Porcelain exists since almost 4000 years. Already in the Shang dynasty (17th – 11th century bc) was white clay body with a high kaolin portion fired to ceramic. The first „modern“ porcelain ceramics have been produced during the Tung dynasty, approximately 600 – 900 ac) and perfectioned during the Sung dynasty (960 – 1280 ac). From the 12th century on first Korea and later Japan (17th century) porcelain have developed an advanced porcelain culture. In Europe, the preference for the „white gold“ has developed rather late. Around 1700 first soft porcelain was produced around 1200°C and later in the 18th century the so called bone china.Excellent porcelain ceramic was originally developed around the deposits of kaolin, which makes about 50% of the porcelain body. Kaolin consists of from large particles and is extremely non-plastic. By addition of a flux material the melting point (1770°C) can be significantly reduced, the addition of quartz enhances the stability of the porcelain body. Traditionally porcelain bodies are without grog material. To get some plasticity into the body, a small amount of regular clay is added to the recipe. With the clay however also undesired iron particles are added, that disturb the characteristic white color.
To avoid iron contamination, the body is worked with extremely strong magnets and then stored for a very long time. Many potters mix their own porcelain body to influence the throwing or firing properties and to influence the color. In a certain way the experiments around the porcelain composition fascinates as many „alchemists“ as during the time of JF Boettgers (1682-1719). He researched on the porcelain recipe for August the Strong and thus contributed significantly on the foundation of „Porzellanmanufaktur Meissen“.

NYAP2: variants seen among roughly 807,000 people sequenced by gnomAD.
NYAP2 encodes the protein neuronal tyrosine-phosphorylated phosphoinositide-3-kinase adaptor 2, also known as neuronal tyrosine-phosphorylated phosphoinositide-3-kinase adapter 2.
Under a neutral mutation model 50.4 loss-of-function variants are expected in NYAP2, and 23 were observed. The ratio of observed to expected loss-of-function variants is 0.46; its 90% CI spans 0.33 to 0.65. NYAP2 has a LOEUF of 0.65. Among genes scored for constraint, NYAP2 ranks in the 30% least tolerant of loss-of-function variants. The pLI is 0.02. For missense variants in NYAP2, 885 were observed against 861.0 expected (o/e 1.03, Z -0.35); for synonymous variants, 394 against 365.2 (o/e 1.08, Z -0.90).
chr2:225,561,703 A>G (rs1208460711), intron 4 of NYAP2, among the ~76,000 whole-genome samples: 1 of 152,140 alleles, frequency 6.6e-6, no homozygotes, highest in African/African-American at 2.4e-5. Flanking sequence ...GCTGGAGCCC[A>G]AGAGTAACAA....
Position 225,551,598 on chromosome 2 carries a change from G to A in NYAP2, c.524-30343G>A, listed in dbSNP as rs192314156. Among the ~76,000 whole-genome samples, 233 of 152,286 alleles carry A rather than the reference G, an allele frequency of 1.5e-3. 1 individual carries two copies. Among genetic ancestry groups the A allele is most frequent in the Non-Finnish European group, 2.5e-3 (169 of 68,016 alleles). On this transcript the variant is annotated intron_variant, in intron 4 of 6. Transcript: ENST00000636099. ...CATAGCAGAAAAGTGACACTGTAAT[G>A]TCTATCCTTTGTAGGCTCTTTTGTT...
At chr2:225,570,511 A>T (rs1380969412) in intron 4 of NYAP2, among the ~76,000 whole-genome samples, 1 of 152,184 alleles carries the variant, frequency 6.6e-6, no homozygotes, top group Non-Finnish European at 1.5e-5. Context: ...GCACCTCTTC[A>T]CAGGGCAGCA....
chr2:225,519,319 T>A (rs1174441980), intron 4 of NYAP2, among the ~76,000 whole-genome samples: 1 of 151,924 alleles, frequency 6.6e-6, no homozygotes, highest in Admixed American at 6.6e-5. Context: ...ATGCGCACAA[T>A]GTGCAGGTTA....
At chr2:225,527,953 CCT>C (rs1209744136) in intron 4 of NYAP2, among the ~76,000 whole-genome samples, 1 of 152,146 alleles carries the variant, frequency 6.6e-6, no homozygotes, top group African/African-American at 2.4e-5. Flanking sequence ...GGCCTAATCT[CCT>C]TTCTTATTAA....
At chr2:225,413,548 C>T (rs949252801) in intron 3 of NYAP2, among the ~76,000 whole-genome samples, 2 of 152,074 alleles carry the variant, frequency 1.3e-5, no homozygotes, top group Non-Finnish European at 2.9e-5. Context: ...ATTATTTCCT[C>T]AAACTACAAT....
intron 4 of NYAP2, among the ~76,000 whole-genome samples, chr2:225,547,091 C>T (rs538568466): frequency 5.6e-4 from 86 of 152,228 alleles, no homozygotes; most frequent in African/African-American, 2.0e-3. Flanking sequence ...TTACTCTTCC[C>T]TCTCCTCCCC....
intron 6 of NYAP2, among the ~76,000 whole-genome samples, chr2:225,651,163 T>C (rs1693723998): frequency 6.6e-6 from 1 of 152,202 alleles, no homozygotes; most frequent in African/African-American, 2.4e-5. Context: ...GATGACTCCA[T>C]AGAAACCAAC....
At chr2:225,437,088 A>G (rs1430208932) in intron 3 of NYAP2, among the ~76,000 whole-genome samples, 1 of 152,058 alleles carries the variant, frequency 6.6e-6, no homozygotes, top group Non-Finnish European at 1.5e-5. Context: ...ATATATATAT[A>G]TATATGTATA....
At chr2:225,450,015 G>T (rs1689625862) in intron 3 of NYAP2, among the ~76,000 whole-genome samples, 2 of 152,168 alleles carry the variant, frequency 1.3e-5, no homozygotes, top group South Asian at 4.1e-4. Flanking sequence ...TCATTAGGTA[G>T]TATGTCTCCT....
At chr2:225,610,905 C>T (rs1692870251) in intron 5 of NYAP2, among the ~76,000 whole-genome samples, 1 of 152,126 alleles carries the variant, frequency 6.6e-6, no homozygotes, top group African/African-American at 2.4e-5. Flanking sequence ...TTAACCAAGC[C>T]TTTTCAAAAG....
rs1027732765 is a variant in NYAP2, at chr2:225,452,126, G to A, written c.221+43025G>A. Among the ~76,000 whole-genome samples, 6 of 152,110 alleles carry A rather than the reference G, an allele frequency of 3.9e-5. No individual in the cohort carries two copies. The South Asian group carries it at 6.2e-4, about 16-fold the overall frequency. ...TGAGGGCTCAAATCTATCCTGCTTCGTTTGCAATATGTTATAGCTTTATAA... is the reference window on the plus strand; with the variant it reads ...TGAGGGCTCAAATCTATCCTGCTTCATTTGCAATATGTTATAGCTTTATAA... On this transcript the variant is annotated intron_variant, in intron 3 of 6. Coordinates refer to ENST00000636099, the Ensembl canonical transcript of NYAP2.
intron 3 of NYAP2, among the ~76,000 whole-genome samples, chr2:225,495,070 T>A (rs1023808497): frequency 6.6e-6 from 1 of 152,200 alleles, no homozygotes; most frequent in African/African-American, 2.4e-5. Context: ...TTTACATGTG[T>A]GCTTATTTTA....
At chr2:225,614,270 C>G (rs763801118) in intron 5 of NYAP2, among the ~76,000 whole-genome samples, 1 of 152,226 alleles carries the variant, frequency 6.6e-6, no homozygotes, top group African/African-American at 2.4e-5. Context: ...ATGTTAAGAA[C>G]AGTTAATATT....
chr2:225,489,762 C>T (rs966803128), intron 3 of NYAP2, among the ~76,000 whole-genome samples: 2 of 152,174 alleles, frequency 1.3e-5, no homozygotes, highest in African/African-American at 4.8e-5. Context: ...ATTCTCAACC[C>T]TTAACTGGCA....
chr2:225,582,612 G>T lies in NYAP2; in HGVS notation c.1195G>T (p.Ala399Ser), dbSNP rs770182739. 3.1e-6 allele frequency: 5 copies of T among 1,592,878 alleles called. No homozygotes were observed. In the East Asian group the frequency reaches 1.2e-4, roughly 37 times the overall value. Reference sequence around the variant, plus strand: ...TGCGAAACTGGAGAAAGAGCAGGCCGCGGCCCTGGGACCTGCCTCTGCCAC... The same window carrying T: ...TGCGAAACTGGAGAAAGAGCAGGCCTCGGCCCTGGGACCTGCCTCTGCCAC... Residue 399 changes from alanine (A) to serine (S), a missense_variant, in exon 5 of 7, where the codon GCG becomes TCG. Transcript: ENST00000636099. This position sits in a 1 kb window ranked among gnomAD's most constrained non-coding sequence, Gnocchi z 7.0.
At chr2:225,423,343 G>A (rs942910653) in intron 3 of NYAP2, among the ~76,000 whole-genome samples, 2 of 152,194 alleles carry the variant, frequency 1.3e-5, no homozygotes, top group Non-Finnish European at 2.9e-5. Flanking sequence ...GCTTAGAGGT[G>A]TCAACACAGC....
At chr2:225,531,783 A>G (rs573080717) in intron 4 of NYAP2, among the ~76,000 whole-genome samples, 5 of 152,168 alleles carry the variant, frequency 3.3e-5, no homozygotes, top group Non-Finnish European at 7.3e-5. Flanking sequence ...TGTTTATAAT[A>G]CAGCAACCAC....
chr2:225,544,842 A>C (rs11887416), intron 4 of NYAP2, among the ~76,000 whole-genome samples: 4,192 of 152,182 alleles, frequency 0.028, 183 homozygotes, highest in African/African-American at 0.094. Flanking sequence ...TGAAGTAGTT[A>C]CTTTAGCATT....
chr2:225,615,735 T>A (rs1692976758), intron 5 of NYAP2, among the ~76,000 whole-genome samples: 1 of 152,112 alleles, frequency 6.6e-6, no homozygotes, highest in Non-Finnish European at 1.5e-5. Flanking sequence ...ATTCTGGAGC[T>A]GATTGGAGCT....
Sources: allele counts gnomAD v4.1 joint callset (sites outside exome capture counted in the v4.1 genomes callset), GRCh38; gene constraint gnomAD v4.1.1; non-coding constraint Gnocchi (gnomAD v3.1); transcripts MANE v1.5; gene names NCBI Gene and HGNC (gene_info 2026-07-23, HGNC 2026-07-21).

Porcelain body is difficult to work with and can be compared with a flour-water-mixture or to the trial to form a buttercream cake on a pottery wheel. Working with porcelain clay requires completely different manufacturing techniques. The body is sensitive for any wrong movement of the hands, absorbs water like a sponge only to loose immediately the shape afterwards. If the water film on the clay has been absorbed, the bod sticks immediately to the hands and the shape is destroyed. So, you can easily imagine how complicated is was to create those extremely thin Chinese ceramics.
The next characteristic of porcelain clay is the strong memory effect. This means that the clay has a tendency during drying and firing to move back to the original shape before throwing. Now think of the required precision to build tea pots and lids that fit so perfect after firing. This becomes even worse if you consider, that the desired transparency can only be achieved close to the sinter or melting point of the body, when a certain share of the material has already melted and becomes a glass during the cooling process.
Porcelain is normally fired in gas or wood fired kiln to keep a reduction atmosphere that ensures the pure white color of the clay, because otherwise the iron traces will cause the porcelain color to become yellowish. This characteristic helps you to make a quick judgment of the way, the porcelain has been fired. Is the color more in warm yellowish white, then the firing was done in a electrical kiln, if the color is cold and pure white, reduction was dominant.
Here you can find some impressions of my porcelain works.
This little tea pots do not provide much surface for effects, but this can make them very impressive.